Elements of mid-century design is said to have been influenced by some of the Asia Pacific styles witnessed abroad during WWII. This is most notable with the bold and exciting resurgence of rattan in post war patio furniture.
In 1954, the Fong brothers set out to create furniture influenced by the perfect blend of Tropical and California lifestyle, establishing Tropi-Cal. Joining the “indoor-outdoor” furniture movement, Danny Ho and son Miller Yee designed elegant wicker and rattan pieces that were manufactured in Hong Kong. Featuring mixed materials, the Tropi-Cal collections reduced the heaviness of traditional wicker with minimalist design and use of simple steel framing. Some of Tropi-Cal’s most notable collections include Osetsu Dai Dining Group, Wave, Lotus, and what is now known as Vine, Great Dane, and Olive Side Chairs.
Inspired by Rattan
06. Bold Prints + Color
Bright colors and bold prints made a grand appearance in post WWII mid-century furnishes, eventually leading to an even greater debut in vivid 60’s and 70’s decor. This trend was particularly apparent in the lively floral prints, wrought iron motifs, and pops of color used throughout 1950s outdoor furniture.
John B. Salterini, maker of NEVA-RUST, is quoted with saying, “It’s the decorative trend, using wrought iron furniture indoors because it brings into your home the freshness and gaiety of a flowery summer garden.” The same sentiments can be said to have inspired several other mid-century patio collections. For example, many of the furnishings by Homecrest offered several cheerful floral upholstery selections to choose from. Although these items are no longer in production, you can still purchase replacement cushions for many of their original vintage pieces.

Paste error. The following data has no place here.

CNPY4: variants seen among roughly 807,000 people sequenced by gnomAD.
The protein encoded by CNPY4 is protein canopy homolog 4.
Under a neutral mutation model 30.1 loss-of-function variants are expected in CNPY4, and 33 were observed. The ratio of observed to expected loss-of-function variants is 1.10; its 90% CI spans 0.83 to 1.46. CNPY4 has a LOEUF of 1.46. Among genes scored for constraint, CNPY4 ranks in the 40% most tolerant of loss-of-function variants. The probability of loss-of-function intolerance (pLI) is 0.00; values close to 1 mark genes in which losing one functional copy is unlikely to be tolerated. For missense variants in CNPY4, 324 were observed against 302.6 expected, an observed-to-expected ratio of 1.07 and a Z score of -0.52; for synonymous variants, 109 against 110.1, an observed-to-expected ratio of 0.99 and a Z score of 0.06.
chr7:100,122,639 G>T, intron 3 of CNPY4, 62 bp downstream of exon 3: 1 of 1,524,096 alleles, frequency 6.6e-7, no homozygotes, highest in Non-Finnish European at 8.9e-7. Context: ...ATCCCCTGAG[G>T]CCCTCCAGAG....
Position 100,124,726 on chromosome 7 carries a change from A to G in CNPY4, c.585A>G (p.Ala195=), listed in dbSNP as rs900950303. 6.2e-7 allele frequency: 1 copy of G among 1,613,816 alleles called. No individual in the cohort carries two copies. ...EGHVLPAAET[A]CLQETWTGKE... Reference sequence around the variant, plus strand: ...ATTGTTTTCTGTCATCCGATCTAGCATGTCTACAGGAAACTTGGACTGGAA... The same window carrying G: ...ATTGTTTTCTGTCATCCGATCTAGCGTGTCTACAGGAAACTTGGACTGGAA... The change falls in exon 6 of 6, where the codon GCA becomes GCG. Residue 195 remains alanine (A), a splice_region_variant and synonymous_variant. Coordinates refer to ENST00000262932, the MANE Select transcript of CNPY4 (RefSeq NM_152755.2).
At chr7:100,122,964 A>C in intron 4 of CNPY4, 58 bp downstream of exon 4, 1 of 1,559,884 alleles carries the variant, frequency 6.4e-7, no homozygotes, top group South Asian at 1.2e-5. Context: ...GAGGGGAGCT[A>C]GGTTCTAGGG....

Similarly, colorful yard furniture was also used to add visual interest in backyards and by poolsides across the country. Advancements in technology with more durable, rust resistant metalwork and powder coating techniques made it possible for manufacturers to offer a wide variety of color and customization. Popular colors of the time were inspired by the tropics such as chalk white, orange, avocado, pineapple yellow, and turquoise. Brown Jordan’s Tamiami line is a notable example of how mid-century patio design did not shy away from color. In 2015, the collection was reprised in 12 bright finishes that could be mixed and matched between frame and vinyl lace.
Inspired by Bold Prints & Color
We hope this brief guide to a few of mid-century modern’s most classic patio furniture styles was helpful! If you’re as ready as we are for the return of the warm summer breeze, check out our guide to Mid-Century Inspired Furniture for your 2018 Patio Refresh for more ideas.